Dragon Shapes is a math/puzzle game where players arrange a series of geometric shapes in their quest to rescue a dragon. The narrative may be simple, but the gameplay is not. Spacial intelligence plays a role in Dragon Shapes — a skill deeply tied to many of geometry’s more abstract concepts. In the first set of levels players must arrange squares and triangles in an effort to complete the tangram puzzle and fill the darkened portion of the map. Players can rotate, flip, and manipulate the shapes in order solve the puzzles.. There are four total sets of levels, each using different types of shapes and increasing in difficulty. Players can collect up to three lightning bolts in each level, which represent a type of mastery. Players lose a bolt when they ask for a hint. Hint help players find the correct positions for each piece. However they can only be used three times per game, so players must be diplomatic in their use. Because the Dragon Shapes has a very surmountable learning curve and we recommend it to players 6 and older — despite its difficulty.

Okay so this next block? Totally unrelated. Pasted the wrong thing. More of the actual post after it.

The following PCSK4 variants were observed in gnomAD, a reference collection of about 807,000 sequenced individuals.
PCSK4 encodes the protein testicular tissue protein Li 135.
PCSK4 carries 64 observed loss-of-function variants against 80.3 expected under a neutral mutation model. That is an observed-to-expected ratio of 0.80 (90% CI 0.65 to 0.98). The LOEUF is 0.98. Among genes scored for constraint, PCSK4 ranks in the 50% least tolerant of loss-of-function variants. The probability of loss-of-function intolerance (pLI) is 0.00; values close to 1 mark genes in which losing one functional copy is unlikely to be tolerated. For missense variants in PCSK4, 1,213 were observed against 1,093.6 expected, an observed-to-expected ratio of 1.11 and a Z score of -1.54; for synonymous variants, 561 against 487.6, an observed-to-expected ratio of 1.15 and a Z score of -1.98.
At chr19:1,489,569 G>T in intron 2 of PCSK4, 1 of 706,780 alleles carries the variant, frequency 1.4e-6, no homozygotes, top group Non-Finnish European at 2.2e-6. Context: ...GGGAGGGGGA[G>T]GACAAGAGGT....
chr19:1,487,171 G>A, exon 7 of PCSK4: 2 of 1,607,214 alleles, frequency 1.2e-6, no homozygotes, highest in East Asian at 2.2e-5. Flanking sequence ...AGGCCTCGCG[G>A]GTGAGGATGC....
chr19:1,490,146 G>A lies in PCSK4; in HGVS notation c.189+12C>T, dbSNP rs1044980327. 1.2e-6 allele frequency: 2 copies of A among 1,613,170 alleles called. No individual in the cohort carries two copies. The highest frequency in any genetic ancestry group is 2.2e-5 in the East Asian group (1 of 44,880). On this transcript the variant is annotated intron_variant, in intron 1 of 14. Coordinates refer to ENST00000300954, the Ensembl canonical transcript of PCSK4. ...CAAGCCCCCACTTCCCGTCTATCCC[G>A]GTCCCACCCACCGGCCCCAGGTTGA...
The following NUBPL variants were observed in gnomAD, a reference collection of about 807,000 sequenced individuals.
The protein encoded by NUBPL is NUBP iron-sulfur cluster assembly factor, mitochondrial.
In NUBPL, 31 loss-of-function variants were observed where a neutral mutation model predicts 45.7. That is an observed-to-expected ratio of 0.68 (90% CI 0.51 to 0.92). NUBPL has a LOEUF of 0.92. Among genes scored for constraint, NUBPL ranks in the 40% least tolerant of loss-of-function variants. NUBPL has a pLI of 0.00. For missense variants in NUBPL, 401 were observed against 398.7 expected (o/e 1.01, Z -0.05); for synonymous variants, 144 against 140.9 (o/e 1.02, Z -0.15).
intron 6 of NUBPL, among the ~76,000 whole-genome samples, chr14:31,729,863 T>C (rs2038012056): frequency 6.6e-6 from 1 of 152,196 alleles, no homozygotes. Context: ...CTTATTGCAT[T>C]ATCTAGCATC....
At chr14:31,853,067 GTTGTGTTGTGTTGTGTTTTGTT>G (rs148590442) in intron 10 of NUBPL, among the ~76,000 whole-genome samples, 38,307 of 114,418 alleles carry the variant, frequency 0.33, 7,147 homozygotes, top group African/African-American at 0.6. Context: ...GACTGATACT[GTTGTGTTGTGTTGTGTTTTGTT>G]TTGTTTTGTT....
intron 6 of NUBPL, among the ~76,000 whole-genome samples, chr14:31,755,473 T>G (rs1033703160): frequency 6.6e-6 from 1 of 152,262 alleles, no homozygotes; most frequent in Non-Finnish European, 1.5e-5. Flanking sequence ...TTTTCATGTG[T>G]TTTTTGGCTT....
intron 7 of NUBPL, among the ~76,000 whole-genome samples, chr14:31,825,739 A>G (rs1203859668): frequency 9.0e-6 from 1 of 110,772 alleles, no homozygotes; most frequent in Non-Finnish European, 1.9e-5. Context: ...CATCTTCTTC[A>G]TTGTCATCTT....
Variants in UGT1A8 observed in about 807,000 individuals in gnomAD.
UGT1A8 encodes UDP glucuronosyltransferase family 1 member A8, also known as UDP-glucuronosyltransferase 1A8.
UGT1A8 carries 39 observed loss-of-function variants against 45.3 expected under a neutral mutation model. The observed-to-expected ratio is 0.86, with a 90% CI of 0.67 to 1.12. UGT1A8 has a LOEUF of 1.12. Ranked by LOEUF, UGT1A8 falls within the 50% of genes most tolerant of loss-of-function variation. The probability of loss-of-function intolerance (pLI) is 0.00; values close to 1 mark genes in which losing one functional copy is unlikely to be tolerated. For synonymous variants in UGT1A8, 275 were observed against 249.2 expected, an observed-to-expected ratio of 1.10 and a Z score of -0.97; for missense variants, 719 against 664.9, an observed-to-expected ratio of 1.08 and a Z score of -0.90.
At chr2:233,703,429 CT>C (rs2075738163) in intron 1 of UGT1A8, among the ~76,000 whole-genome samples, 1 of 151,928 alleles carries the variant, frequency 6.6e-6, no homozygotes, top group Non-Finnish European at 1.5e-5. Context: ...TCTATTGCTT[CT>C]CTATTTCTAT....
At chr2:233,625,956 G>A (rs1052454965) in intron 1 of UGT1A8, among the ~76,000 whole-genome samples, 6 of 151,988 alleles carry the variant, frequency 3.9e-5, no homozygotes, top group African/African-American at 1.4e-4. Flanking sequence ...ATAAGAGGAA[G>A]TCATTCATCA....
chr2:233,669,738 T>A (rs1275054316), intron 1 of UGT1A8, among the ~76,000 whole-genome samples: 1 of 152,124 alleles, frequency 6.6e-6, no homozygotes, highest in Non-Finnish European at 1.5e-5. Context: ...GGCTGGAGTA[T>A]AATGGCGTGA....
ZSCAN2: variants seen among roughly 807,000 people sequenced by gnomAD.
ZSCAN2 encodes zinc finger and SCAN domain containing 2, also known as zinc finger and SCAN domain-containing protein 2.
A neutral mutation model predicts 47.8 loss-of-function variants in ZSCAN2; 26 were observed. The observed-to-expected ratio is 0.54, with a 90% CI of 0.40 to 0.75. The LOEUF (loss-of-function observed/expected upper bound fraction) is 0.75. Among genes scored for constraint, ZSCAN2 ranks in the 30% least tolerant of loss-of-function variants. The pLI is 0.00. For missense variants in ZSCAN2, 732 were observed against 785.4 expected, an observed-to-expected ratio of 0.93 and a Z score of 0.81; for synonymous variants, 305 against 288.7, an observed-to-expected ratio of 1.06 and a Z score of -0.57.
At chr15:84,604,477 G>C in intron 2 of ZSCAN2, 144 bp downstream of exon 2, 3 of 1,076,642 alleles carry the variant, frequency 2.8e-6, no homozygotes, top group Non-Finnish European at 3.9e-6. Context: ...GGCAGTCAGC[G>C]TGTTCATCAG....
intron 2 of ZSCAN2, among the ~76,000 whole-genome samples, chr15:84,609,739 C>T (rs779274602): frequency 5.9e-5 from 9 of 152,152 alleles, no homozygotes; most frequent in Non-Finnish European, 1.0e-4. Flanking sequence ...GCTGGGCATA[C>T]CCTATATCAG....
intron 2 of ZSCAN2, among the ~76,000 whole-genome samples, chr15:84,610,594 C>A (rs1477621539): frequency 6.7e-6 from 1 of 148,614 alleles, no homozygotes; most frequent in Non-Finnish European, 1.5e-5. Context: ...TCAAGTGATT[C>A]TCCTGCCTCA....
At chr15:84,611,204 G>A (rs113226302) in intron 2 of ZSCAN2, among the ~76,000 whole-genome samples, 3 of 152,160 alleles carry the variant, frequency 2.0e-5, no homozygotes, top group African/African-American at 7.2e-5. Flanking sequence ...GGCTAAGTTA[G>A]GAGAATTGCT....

Adapting and adjusting to changing conditions and expectations, especially adapting to obstacles.
It would be unusual for players to solve some of the more difficult puzzles on the first attempt. Success in Dragon Shapes is dependent on making adjustments. As new shapes are introduced, gameplay gets more difficult. Players will find themselves rotating pieces far more frequently in later levels. Eventually, players will likely get stuck -- especially if they unlock the paid levels. Here it becomes important to use the hint tool. The hint tool shows players where a particular shape should be placed on the tangram puzzle. Flexibility is the thinking skill that helps players work through getting stuck, making the hint tool an extension of the flexibility thinking skill.
Arranging and coordinating materials in order to complete a task.
Tangram puzzles require a certain level of spacial intelligence to solve. And spacial intelligence is really an abstract form of organized thought. Players who are able to conceive the general positions of each shape simply by looking at the puzzle and its corresponding pieces are probably organized thinkers. Not only does Dragon Shapes aid users in developing organizational thought, it forces players to practice the skill, too. For example, it might be helpful to arrange the geometric figures by size and shape before starting to place them onto the puzzle.
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